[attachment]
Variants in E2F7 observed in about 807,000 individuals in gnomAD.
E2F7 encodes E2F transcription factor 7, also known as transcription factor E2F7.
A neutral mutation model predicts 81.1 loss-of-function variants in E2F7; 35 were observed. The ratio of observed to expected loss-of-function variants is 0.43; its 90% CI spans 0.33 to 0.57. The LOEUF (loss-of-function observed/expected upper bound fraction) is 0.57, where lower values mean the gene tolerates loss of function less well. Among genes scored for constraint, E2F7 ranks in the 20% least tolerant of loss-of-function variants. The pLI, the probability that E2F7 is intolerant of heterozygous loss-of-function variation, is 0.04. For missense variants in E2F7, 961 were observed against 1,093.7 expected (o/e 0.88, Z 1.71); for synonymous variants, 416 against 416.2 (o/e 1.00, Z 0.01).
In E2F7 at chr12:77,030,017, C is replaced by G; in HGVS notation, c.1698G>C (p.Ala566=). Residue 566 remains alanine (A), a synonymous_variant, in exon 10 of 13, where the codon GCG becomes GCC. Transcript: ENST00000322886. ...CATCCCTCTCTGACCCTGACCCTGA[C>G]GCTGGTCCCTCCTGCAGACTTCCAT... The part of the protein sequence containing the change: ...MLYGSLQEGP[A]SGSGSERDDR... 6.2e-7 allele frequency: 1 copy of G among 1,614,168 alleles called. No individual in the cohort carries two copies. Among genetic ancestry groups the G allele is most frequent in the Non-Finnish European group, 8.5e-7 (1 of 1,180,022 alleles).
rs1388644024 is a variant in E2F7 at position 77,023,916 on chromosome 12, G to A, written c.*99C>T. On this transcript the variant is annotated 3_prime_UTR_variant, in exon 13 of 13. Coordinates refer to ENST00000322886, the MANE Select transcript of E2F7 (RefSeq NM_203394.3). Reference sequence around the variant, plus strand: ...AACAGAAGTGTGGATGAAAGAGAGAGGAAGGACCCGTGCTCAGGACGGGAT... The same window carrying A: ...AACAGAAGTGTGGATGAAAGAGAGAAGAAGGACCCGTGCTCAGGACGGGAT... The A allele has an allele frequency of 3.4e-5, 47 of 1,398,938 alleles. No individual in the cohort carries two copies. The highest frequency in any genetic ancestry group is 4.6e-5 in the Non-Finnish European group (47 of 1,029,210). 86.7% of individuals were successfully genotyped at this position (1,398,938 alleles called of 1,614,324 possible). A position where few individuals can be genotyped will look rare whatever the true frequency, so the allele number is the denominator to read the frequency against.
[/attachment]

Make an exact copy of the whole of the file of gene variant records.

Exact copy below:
Variants in E2F7 observed in about 807,000 individuals in gnomAD.
E2F7 encodes E2F transcription factor 7, also known as transcription factor E2F7.
A neutral mutation model predicts 81.1 loss-of-function variants in E2F7; 35 were observed. The ratio of observed to expected loss-of-function variants is 0.43; its 90% CI spans 0.33 to 0.57. The LOEUF (loss-of-function observed/expected upper bound fraction) is 0.57, where lower values mean the gene tolerates loss of function less well. Among genes scored for constraint, E2F7 ranks in the 20% least tolerant of loss-of-function variants. The pLI, the probability that E2F7 is intolerant of heterozygous loss-of-function variation, is 0.04. For missense variants in E2F7, 961 were observed against 1,093.7 expected (o/e 0.88, Z 1.71); for synonymous variants, 416 against 416.2 (o/e 1.00, Z 0.01).
In E2F7 at chr12:77,030,017, C is replaced by G; in HGVS notation, c.1698G>C (p.Ala566=). Residue 566 remains alanine (A), a synonymous_variant, in exon 10 of 13, where the codon GCG becomes GCC. Transcript: ENST00000322886. ...CATCCCTCTCTGACCCTGACCCTGA[C>G]GCTGGTCCCTCCTGCAGACTTCCAT... The part of the protein sequence containing the change: ...MLYGSLQEGP[A]SGSGSERDDR... 6.2e-7 allele frequency: 1 copy of G among 1,614,168 alleles called. No individual in the cohort carries two copies. Among genetic ancestry groups the G allele is most frequent in the Non-Finnish European group, 8.5e-7 (1 of 1,180,022 alleles).
rs1388644024 is a variant in E2F7 at position 77,023,916 on chromosome 12, G to A, written c.*99C>T. On this transcript the variant is annotated 3_prime_UTR_variant, in exon 13 of 13. Coordinates refer to ENST00000322886, the MANE Select transcript of E2F7 (RefSeq NM_203394.3). Reference sequence around the variant, plus strand: ...AACAGAAGTGTGGATGAAAGAGAGAGGAAGGACCCGTGCTCAGGACGGGAT... The same window carrying A: ...AACAGAAGTGTGGATGAAAGAGAGAAGAAGGACCCGTGCTCAGGACGGGAT... The A allele has an allele frequency of 3.4e-5, 47 of 1,398,938 alleles. No individual in the cohort carries two copies. The highest frequency in any genetic ancestry group is 4.6e-5 in the Non-Finnish European group (47 of 1,029,210). 86.7% of individuals were successfully genotyped at this position (1,398,938 alleles called of 1,614,324 possible). A position where few individuals can be genotyped will look rare whatever the true frequency, so the allele number is the denominator to read the frequency against.